The presence of the alt-right is inextricable from Charlottesville’s deeply racist history, as their agenda harrowingly mirrors that which the city was founded upon: the displacement and terrorization of minority communities. In the 1960s, the black neighborhood of Vinegar Hill was bulldozed, forcing the relocation of its residents. The plaque today reads, “Sadly, because of a poll tax, many of the residents were denied a say in their own future.” Half a century later in 2015, black UVA student Martese Johnson was slammed onto the ground, bruised and bloodied for attempting to purchase alcohol with his real I.D., assumed fake by three white police officers. Moreover, it cannot be forgotten that Charlottesville was heavily involved in the slave trade and fought hard against integration, painfully visible in the ways the community remains segregated to this day. The police force itself was formed in the south to preserve slavery, and has evolved to preserve incarceration.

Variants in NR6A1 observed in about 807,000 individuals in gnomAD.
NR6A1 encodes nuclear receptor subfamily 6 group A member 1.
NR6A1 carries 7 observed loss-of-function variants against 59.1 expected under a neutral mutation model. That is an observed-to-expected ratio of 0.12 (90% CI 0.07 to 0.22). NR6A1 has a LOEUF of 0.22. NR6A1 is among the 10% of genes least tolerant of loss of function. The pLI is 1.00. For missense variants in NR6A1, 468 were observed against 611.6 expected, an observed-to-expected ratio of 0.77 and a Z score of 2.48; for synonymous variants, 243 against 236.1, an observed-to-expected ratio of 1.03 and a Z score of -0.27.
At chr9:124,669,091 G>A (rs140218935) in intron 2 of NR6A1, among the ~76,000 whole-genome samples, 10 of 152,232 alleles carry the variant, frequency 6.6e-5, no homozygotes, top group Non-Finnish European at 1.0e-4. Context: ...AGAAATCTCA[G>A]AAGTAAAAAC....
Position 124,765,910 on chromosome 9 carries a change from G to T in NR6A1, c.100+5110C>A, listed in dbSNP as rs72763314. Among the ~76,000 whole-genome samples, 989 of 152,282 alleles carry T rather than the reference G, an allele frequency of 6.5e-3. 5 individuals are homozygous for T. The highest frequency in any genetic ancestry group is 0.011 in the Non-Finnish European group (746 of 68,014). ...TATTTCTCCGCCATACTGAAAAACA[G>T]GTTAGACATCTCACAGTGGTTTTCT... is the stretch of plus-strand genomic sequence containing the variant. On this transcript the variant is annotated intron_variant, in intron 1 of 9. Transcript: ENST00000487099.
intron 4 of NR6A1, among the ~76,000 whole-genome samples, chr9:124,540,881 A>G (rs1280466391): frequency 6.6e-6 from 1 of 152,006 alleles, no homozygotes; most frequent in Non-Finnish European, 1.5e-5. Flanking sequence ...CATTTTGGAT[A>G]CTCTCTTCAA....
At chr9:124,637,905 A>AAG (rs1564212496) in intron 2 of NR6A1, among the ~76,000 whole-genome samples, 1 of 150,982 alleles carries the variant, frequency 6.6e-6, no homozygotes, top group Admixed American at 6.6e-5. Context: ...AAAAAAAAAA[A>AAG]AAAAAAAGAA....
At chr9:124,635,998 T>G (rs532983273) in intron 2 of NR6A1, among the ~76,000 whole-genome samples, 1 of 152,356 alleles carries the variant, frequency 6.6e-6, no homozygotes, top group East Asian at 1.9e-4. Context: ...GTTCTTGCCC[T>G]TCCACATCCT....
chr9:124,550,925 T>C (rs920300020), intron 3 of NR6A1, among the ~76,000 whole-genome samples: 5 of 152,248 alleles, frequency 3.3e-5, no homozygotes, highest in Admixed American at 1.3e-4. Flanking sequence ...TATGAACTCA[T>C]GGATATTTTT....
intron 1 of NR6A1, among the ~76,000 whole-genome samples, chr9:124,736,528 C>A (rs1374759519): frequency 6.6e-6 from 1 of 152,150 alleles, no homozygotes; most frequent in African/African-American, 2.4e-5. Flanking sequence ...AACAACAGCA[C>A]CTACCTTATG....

The recent rhetoric surrounding Charlottesville pushed by news reporters and locals alike is that such acts of hatred and brutality are unthinkable in a cozy college town, and this is a shameful deflection of accountability. It is blissful ignorance, a luxury inaccessible to those who must routinely consider the often fatal cost of existing as a minority. All white people must confront and renounce white supremacy if we are to reconcile with its institution running through the veins of our country. I was feet away from the collision that killed Heather Heyer. I heard the screams, I saw the blood, and later that day I witnessed our President condemn “many sides” — repeating it for emphasis — as a woman lay dead by the hand of a domestic terrorist, and one of Trump’s dedicated supporters.